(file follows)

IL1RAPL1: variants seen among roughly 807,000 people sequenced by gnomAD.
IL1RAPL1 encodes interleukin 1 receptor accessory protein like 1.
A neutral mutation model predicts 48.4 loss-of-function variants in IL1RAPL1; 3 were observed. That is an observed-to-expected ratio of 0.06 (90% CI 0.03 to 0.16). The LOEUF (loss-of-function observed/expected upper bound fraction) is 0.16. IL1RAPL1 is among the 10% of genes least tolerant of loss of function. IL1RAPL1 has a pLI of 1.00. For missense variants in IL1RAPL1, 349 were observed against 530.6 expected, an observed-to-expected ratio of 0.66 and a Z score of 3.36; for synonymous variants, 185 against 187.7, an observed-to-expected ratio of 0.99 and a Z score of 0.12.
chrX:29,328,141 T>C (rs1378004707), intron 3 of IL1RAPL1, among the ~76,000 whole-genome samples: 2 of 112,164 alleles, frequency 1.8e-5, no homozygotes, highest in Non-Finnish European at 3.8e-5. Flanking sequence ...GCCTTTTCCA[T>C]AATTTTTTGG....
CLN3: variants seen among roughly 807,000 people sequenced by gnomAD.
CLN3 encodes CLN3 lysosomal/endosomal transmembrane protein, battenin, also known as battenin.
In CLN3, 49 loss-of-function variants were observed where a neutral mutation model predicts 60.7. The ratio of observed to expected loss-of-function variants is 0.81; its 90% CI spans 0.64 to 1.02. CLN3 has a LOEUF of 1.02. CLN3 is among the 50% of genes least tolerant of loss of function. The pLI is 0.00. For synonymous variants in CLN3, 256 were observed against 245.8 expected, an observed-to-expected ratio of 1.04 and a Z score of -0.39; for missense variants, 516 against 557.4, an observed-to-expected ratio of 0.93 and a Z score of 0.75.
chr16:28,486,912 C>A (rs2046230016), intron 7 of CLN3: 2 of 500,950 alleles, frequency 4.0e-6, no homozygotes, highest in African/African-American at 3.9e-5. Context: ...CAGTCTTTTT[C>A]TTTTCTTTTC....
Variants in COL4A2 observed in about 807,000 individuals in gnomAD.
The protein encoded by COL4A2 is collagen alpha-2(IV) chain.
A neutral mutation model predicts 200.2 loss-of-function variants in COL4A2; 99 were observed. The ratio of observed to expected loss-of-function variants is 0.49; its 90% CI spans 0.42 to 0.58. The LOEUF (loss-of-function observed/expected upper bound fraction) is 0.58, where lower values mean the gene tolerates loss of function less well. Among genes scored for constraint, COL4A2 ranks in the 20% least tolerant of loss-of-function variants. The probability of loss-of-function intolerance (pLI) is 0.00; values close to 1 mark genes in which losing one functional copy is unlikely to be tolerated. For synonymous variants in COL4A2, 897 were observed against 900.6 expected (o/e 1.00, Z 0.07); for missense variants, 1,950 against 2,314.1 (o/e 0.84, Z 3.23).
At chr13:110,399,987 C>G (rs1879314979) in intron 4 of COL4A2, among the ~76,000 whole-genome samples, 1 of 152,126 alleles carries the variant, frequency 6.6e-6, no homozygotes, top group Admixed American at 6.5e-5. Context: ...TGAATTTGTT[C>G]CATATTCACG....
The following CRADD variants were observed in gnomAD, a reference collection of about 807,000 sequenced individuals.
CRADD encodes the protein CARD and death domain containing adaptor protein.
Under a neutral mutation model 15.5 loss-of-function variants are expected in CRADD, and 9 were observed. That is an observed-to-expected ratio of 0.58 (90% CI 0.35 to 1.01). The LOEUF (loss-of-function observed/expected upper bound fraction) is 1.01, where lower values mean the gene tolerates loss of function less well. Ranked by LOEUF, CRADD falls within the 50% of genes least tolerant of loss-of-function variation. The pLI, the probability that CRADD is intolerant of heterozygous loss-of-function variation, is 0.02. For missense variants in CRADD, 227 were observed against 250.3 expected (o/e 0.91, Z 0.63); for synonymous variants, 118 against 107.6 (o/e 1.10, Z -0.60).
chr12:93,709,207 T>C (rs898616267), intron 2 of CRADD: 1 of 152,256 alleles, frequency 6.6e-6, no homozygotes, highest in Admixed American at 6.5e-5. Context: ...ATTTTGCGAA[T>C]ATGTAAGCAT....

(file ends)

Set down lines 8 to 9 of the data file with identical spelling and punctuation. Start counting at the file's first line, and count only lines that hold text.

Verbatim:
chr16:28,486,912 C>A (rs2046230016), intron 7 of CLN3: 2 of 500,950 alleles, frequency 4.0e-6, no homozygotes, highest in African/African-American at 3.9e-5. Context: ...CAGTCTTTTT[C>A]TTTTCTTTTC....
Variants in COL4A2 observed in about 807,000 individuals in gnomAD.